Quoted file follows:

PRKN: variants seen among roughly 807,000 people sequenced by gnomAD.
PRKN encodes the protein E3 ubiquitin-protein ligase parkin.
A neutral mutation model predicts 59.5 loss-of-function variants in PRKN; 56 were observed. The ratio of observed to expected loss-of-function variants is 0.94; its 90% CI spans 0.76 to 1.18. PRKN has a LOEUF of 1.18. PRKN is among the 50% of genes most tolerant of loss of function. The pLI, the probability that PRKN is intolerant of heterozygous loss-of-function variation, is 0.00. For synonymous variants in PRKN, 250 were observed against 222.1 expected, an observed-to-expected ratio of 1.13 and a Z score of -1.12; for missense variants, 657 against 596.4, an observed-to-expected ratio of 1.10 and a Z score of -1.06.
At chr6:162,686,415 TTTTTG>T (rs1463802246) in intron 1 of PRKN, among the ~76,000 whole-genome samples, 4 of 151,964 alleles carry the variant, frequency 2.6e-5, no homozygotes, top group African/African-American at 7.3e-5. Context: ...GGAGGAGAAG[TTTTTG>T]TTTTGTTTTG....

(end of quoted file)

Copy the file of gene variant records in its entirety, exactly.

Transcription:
PRKN: variants seen among roughly 807,000 people sequenced by gnomAD.
PRKN encodes the protein E3 ubiquitin-protein ligase parkin.
A neutral mutation model predicts 59.5 loss-of-function variants in PRKN; 56 were observed. The ratio of observed to expected loss-of-function variants is 0.94; its 90% CI spans 0.76 to 1.18. PRKN has a LOEUF of 1.18. PRKN is among the 50% of genes most tolerant of loss of function. The pLI, the probability that PRKN is intolerant of heterozygous loss-of-function variation, is 0.00. For synonymous variants in PRKN, 250 were observed against 222.1 expected, an observed-to-expected ratio of 1.13 and a Z score of -1.12; for missense variants, 657 against 596.4, an observed-to-expected ratio of 1.10 and a Z score of -1.06.
At chr6:162,686,415 TTTTTG>T (rs1463802246) in intron 1 of PRKN, among the ~76,000 whole-genome samples, 4 of 151,964 alleles carry the variant, frequency 2.6e-5, no homozygotes, top group African/African-American at 7.3e-5. Context: ...GGAGGAGAAG[TTTTTG>T]TTTTGTTTTG....